Further, the voltage-second balance module of the present invention comprises a second threshold potential coupled to the positive input terminal, in which the reset signal is configured as pulse waves or the ground potential according to whether the potential of the negative input terminal is lower than the second threshold potential.

Further, the averaged circuit of the present invention comprises at least one averaged resistor coupled to the conduction signal and at least one averaged capacitor connected between the averaged resistor and the ground potential.

Further, the voltage-second balance module of the present invention comprises a pulse generator coupled to the conduction signal, and a reset switch connected in parallel to the timing capacitor; in which the pulse generator generates pulse waves when the conduction signal changes from a low potential to a high potential and turns on the reset switch.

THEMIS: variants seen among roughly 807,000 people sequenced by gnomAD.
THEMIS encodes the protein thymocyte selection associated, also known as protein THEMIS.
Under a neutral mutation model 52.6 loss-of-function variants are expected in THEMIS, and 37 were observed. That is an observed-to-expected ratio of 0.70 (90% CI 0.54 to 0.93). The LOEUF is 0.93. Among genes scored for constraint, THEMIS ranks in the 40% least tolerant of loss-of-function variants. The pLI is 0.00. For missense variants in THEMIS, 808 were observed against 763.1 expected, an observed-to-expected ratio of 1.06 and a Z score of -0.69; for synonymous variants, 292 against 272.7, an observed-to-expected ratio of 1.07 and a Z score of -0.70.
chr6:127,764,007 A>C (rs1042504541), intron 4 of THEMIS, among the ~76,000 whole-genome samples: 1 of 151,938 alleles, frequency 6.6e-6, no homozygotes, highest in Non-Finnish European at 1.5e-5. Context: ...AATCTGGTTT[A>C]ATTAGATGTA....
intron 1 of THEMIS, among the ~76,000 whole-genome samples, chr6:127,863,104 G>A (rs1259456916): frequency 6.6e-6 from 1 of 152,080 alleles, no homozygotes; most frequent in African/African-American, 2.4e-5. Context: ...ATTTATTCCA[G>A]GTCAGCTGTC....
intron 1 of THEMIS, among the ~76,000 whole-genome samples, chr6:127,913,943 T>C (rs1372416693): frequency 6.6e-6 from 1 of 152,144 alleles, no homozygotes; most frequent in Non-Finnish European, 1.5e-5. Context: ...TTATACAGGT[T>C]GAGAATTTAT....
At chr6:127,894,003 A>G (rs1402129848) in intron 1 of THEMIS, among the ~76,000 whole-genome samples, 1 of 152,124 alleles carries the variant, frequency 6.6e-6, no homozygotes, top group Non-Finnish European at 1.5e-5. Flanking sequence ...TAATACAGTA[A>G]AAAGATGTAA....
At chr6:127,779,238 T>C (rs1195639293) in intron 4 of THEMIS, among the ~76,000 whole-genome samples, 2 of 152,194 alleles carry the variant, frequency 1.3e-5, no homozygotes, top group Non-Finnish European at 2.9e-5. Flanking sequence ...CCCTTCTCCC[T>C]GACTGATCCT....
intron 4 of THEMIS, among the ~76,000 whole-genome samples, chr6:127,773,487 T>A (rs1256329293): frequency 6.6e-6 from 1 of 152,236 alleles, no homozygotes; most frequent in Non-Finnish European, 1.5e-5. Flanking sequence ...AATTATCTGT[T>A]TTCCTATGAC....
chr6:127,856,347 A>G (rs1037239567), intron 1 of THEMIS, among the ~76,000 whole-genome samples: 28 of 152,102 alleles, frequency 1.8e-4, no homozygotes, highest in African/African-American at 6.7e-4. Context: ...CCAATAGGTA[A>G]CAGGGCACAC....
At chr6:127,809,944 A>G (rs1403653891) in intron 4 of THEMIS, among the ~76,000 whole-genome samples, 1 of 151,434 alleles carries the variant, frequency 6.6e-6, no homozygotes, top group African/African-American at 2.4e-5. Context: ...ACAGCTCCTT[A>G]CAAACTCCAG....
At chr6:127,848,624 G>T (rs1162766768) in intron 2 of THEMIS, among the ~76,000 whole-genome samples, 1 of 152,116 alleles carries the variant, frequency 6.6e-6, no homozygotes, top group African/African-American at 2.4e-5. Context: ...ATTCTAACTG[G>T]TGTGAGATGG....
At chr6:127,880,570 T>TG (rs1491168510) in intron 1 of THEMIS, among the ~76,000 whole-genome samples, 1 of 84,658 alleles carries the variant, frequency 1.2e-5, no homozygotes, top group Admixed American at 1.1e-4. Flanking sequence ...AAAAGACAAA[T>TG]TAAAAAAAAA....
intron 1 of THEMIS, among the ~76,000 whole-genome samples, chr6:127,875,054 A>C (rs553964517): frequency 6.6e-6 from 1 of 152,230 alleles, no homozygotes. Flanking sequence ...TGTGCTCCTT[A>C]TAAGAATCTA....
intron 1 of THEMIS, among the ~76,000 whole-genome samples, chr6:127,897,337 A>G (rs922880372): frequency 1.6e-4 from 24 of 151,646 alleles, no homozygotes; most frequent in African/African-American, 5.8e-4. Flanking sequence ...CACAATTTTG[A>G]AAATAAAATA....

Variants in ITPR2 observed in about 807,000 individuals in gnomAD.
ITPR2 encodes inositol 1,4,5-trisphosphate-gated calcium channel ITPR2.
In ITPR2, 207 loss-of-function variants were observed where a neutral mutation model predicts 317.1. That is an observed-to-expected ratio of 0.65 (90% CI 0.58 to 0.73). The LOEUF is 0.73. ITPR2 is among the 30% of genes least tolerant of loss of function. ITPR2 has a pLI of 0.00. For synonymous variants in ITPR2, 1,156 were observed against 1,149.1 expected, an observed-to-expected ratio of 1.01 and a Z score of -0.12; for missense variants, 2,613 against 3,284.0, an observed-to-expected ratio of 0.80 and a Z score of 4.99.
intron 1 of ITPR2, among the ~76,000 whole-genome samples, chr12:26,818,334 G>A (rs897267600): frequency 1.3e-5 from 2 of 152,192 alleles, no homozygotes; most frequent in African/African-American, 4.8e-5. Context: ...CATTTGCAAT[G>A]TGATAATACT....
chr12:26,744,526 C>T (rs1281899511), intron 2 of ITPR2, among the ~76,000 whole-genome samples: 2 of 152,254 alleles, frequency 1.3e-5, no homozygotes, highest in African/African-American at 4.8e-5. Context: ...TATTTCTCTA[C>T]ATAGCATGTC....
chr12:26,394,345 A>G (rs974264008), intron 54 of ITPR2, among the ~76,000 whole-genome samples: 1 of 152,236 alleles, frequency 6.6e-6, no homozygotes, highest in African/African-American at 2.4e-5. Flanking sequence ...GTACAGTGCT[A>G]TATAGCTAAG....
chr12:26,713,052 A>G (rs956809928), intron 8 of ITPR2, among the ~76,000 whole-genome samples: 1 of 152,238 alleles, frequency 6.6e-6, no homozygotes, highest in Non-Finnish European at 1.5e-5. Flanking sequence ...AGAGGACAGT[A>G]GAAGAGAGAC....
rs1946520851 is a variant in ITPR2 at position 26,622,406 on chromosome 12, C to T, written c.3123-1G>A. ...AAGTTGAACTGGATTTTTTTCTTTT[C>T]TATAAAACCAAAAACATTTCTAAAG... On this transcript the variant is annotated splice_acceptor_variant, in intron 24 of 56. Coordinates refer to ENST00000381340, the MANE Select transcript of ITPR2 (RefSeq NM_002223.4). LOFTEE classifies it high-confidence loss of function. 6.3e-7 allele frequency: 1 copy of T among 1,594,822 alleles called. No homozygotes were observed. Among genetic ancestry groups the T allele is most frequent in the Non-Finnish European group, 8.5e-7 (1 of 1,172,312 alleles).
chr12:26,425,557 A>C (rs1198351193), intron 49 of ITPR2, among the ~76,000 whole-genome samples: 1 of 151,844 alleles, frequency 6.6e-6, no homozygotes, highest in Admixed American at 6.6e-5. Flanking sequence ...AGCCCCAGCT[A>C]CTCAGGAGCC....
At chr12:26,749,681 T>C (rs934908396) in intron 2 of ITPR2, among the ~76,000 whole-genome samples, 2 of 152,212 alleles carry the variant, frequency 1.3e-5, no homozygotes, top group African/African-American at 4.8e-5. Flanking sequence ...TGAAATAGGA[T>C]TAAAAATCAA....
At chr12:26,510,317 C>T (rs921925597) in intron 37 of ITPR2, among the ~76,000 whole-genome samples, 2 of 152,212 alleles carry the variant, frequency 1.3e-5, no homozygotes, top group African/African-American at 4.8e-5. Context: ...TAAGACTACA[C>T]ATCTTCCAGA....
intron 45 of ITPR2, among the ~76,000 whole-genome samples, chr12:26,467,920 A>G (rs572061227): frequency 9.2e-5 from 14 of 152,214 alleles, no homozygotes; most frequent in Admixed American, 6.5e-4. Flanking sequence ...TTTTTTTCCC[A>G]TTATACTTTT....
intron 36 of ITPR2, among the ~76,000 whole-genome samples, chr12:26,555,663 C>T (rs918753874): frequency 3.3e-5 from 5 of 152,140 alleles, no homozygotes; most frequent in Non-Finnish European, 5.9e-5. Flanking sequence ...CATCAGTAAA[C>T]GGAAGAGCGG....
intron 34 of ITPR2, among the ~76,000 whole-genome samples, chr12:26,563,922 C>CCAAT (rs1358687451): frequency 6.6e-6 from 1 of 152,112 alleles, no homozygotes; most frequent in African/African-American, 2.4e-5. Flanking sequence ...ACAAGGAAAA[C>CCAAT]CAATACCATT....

The present invention is also directed to provide a synchronous rectification control method for controlling a switching power supply. The switching power supply is comprised of a transformer, a first switch transistor coupled to the primary side of the transformer and switched between on and off intermittently, and a second switch transistor coupled between the secondary side of the transformer and a load. The synchronous rectification control method comprises the steps as follows: (a) set up the time at which the first switch transistor is turned on as an on-time, and the time at which it is turned off as a cut-off time; (b) generate a conduction signal which is configured to output a first reference potential within the on-time and a ground potential within the cut-off time, and generate a second reference potential equal to the mean value of the conduction signal; (c) convert the first reference potential to a first reference current, and convert the second reference potential to a second reference current; (d) provide a timing capacitor in which a timing current flows through, thus generating an integrating voltage; (e) set up, within the on-time, the timing current configured to be the first reference current subtracting the second reference current, and, within the cut-off time, set up the timing current configured to be the negative value of the second reference current; and (f) determine whether the integrating voltage changes from a high potential to zero and perform the sub-steps as follows: (f1) if the integrating voltage is from a high potential to zero, then turn off the second switch transistor.